Disclaimer: I’m not related to Rivers Cuomo or the rest of Weezer, and I never related to their music, either. As a high-school freshman, I once claimed to like the “blue album” to impress a girl (didn’t work). Their sophomore magnum opus, Pinkerton, was only recently dropped on my desk by a co-worker (still digesting it). To date, my favorite Weezer song is “Keep Fishin’” (I’m a sucker for Muppets).
In short, I’m not a diehard Weezer fan, and their sixth LP, the self-titled “red album,” has just about made that impossible. Weezer is bafflingly awful: Cuomo and his crew have made an album completely devoid of charm, wit, and originality. This is what “autopilot” sounds like, and it’s not pretty.
The record opens with the bland but otherwise harmless “Troublemaker” — but the first sign of legitimate trouble comes with “The Greatest Man Who Ever Lived (Variations on a Shaker Theme),” which tortures the famous folk melody for six whole minutes before dumping it in a cornfield. As if to outdo that, Cuomo later steals the chorus from “Smells Like Teen Spirit” and sings “Everybody get dangerous/boo-yah!” over it.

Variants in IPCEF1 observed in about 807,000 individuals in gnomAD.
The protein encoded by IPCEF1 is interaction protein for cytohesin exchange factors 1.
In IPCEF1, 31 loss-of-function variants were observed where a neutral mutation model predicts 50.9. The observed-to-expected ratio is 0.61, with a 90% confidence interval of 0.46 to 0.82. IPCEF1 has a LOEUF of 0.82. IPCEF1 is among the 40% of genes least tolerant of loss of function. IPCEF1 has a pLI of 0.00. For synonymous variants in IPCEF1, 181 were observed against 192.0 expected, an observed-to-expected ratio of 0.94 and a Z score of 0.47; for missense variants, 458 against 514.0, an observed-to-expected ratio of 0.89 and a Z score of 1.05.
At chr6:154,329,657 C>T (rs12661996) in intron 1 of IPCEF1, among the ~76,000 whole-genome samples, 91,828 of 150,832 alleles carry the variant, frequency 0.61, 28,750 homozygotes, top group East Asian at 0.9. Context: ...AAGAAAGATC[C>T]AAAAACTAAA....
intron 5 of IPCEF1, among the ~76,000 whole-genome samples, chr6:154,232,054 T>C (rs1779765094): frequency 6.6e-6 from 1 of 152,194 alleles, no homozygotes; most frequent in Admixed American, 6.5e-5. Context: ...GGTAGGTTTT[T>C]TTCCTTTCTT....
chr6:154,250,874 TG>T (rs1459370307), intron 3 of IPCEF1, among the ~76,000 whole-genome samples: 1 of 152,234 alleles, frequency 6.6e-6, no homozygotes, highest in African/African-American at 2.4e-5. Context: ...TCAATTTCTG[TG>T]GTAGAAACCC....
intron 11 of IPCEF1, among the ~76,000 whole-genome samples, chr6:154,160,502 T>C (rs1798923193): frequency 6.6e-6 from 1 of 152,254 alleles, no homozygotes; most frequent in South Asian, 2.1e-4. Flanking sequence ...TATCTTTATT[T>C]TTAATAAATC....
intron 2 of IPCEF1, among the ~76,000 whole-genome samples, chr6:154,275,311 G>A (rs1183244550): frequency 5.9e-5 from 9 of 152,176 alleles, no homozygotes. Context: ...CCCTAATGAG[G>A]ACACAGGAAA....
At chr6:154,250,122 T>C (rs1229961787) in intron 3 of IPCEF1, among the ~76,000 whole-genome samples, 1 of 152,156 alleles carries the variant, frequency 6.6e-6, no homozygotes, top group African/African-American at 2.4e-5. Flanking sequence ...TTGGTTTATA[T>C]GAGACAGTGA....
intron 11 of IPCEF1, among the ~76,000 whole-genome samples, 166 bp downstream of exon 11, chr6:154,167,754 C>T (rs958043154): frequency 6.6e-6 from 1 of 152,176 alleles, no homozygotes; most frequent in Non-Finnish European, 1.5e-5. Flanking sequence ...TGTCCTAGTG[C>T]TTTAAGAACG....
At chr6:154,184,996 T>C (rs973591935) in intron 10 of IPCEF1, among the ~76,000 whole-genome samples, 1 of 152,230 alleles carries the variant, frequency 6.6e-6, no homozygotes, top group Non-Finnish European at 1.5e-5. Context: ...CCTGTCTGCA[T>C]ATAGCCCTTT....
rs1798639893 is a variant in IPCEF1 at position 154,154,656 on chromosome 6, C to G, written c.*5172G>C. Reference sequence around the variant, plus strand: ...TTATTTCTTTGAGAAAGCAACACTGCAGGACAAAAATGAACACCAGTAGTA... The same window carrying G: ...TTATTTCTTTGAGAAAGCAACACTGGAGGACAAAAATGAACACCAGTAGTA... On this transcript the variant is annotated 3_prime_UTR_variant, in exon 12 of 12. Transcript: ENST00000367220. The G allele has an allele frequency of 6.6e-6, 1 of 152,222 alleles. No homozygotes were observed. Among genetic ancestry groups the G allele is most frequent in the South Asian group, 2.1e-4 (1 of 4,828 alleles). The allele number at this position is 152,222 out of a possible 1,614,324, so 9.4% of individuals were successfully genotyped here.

“Boo-yah” is about as inspired as the lyrics get, unfortunately. In between resurrecting ’90s slang and multiple references to underwear, Cuomo ditches “clever” — bypasses “tongue-in-cheek” completely — and jumps straight to “eye-rolling.” Pop culture shout-outs are everywhere (the limp ballad “Heart Songs” waxes nostalgic about everyone from Slayer to Debbie Gibson), but they only succeed in stamping an expiration date on the disc. Adding to the stale taste is the ’90s riffage that dominates the album — hell, “Thought I Knew” could easily be an Uncle Kracker track.
It’s hard to tell exactly why this record exists. Is this a love letter to long-time Weez-heads? A new creative direction? Contractual obligation?
My bet’s on the latter. Like a bad movie sequel, Weezer’s completion of the “self-titled color-album trilogy” could be a franchise-killer. At least the color’s appropriate this time: Red means STOP.